Pairs in some models, singles in others. Cheap in some models, really expensive in others. Eight core is impressive in some models, a big yawn in others.
What model do you have?Mac Pro (Early 2009), Mac OS X (10.6.8), & Server, PPC, & AppleTalk Printers
Your 8-core features Multi-Threading, and under certain circumstances performs as if it had 16 cores.
Your memories are cheap and can be upgraded by single DIMMs. Slots 1,2, and 3 are independent, slot 4 is shared with slot 3.
8GB DIMMs for that Mac Pro tower, from several reputable, Mac-centric vendors can be had for under US$80. You could install three on each side for under US$500, two on each side for under US$320, and still have room to grow.
There is a slight risk that 8GB DIMMs and 1 GB DIMMs will not play nice together.
Use this rhyme to select an appropriate Vendor:
"It works in your MAC,
or your Money BACK."Mac Pro (Early 2009), Mac OS X (10.6.8), & Server, PPC, & AppleTalk Printers
Thanks for the links. Those are the ones I've been haunting. Haven't been reading the fine print yet but will before I buy. After springing the dough for the MP I'm thinking two times eight and grow from there... Maybe they'll come down farther in price. Yeah, right! Re: the one gig sticks. Didn't think they would play well together but had to ask...
The eight cores perform like sixteen? Tell me more. Don't know of your uses for the MP but my prime reason was video/audio. And as stated, I didn't really think the sixty second After Effects project would take that long to render. If you have the time, could you enlighten this old codger on the finer points of processors and memory, or point me in the right direction?
Thanks again, Grant.
PS, Hope you're far enough 'West' of Boston so as not to get buried in tons of snow. I perferred a more tropical climate which is why I now live on a rock in the middle of the Caribbean. :} Hurricanes? We don't get no stinkin hurricanes! Sandy didn't even blink an eye when she went by...
Use this article to examine memory usage while ypu are doing your video processing. I expect you will find "free" memory (green on the pie chart) goes immedaitely to none and stays there until you are done.
But what is much more telling is looking at the PageOuts Up-counter. PageOuts occur when there is Nothing else that can be declared surplus, so modified pages have to be copied out to disk, then copied back in later. It keeps on working, but takes forever because you are simulating the memory you don't have by using a disk file.Mac Pro (Early 2009), Mac OS X (10.6.8), & Server, PPC, & AppleTalk Printers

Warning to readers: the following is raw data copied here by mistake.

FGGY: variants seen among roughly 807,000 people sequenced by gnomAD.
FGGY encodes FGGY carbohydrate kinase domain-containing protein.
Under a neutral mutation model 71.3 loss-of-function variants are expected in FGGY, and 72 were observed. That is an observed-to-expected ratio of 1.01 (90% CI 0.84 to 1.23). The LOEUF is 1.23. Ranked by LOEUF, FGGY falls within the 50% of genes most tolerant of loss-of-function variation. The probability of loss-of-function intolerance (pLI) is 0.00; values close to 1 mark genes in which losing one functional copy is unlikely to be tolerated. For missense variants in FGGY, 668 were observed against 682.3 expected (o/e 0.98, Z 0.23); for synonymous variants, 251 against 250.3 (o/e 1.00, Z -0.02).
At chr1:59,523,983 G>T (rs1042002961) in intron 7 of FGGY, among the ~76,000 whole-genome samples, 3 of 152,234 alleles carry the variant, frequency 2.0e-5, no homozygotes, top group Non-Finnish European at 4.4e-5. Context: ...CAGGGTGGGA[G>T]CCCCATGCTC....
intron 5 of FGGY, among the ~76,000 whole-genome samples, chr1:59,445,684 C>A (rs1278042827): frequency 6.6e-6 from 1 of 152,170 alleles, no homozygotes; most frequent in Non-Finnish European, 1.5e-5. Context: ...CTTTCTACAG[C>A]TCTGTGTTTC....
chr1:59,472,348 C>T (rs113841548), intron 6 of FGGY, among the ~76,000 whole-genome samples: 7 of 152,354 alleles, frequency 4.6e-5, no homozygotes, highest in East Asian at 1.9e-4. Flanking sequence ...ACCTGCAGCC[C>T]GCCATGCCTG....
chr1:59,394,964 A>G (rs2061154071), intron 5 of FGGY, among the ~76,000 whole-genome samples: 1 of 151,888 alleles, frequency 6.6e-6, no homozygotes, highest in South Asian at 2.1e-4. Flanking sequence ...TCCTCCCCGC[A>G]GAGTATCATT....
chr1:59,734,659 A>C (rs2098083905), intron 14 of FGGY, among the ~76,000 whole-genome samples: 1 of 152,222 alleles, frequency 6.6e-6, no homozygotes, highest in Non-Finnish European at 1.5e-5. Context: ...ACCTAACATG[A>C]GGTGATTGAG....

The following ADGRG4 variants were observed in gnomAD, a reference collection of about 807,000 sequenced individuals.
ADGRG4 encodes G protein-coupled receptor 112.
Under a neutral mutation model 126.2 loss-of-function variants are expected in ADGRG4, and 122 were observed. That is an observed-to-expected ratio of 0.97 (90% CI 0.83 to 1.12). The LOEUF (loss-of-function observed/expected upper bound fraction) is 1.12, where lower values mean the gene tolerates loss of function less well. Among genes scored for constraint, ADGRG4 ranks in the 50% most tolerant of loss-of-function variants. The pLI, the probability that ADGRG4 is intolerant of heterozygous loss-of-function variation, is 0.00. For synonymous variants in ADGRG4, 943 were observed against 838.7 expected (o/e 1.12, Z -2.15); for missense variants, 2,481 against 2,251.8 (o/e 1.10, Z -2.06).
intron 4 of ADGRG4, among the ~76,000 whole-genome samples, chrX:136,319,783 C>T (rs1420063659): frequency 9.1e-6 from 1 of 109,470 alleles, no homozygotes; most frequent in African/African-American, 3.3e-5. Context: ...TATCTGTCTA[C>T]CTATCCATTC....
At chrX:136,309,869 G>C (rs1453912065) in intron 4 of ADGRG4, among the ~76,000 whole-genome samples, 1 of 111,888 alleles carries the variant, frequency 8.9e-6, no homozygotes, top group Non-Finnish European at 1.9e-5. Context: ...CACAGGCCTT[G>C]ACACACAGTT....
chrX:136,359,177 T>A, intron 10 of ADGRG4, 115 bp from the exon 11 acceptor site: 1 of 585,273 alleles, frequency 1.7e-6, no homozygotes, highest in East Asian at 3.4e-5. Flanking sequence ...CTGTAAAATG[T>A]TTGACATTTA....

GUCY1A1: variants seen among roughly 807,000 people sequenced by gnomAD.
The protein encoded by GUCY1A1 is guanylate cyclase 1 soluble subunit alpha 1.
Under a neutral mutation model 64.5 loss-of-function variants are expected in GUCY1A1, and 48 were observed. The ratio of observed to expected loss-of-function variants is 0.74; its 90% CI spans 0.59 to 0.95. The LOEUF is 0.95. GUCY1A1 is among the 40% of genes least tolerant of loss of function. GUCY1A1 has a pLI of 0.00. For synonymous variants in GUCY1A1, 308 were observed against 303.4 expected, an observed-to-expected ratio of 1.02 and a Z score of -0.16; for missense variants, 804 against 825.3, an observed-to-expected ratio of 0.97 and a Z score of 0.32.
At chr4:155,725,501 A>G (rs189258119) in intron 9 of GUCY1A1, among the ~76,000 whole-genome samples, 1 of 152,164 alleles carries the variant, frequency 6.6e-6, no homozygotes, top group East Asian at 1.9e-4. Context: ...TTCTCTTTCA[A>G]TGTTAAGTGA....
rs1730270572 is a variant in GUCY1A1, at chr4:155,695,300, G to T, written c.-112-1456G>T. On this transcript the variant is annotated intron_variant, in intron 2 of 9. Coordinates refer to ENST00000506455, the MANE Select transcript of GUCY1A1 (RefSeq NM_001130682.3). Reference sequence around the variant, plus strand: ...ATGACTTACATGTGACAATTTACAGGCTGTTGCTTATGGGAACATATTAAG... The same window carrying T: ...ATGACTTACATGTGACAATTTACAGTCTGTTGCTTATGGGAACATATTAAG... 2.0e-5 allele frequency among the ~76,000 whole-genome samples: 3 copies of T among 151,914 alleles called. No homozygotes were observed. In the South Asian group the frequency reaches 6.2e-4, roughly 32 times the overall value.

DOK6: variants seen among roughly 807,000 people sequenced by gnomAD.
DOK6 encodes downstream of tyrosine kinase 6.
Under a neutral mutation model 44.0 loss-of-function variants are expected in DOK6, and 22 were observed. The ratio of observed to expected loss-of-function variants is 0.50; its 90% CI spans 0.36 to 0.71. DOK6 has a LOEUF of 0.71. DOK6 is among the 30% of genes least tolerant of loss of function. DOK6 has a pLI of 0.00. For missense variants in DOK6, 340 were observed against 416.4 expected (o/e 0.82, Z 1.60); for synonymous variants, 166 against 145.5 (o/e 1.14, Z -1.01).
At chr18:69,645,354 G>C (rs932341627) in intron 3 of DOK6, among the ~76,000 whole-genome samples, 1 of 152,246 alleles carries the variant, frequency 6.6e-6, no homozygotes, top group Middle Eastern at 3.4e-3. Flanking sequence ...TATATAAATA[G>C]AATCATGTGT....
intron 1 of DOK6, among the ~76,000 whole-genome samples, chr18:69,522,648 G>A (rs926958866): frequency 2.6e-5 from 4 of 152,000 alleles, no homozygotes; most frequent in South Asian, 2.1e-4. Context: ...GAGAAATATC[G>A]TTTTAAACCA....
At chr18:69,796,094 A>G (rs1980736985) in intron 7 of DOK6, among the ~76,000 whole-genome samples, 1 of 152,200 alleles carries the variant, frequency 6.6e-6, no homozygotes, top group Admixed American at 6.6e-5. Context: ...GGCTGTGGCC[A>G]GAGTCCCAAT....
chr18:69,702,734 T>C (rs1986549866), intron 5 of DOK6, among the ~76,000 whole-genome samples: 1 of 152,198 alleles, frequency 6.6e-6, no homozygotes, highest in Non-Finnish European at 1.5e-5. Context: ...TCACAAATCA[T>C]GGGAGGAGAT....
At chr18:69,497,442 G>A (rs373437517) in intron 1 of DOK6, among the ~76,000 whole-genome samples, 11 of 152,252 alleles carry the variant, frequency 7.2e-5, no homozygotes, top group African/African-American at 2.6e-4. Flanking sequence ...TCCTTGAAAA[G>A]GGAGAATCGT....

Grant, sorry I didn't get back sooner but there wasn't any notice on my email and I got busy.
I was using the activity monitor while rendering and, with the six gigs, never saw more than three or four being used at any one time. It would bounce back and forth during the 'heavy parts' but averaged around three, three and a half.
About those certain conditions on the processors you mentioned. Shouldn't they help/kick in on the processing part of the rendering process? I'm pretty fuzzy on that stuff, even after using Macs all these years. Call it, selective information gathering...
At any rate, I'm planning on adding, maybe four of the eight gig sticks soon and want to confirm their placement. I should remove all the one gig sticks and put two in the first tier and two in the second, right???
Again, thanks for all your advice.
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Most rendering Applications will 'spread out" a bit if there is more memory in the machine, but if you are staying under 4GB used (with 2GB free) you do not seem to be memory limited.
Next, take a look at Processor Utilization. This article, aimed at portable computers, hits all the high points about Processor Utilization:
Runaway applications can shorten battery runtime, affect performance, and increase heat and fan activity
The next issue to examine is Disk Utilization (more than just fullness).Mac Pro (Early 2009), Mac OS X (10.6.8), & Server, PPC, & AppleTalk Printers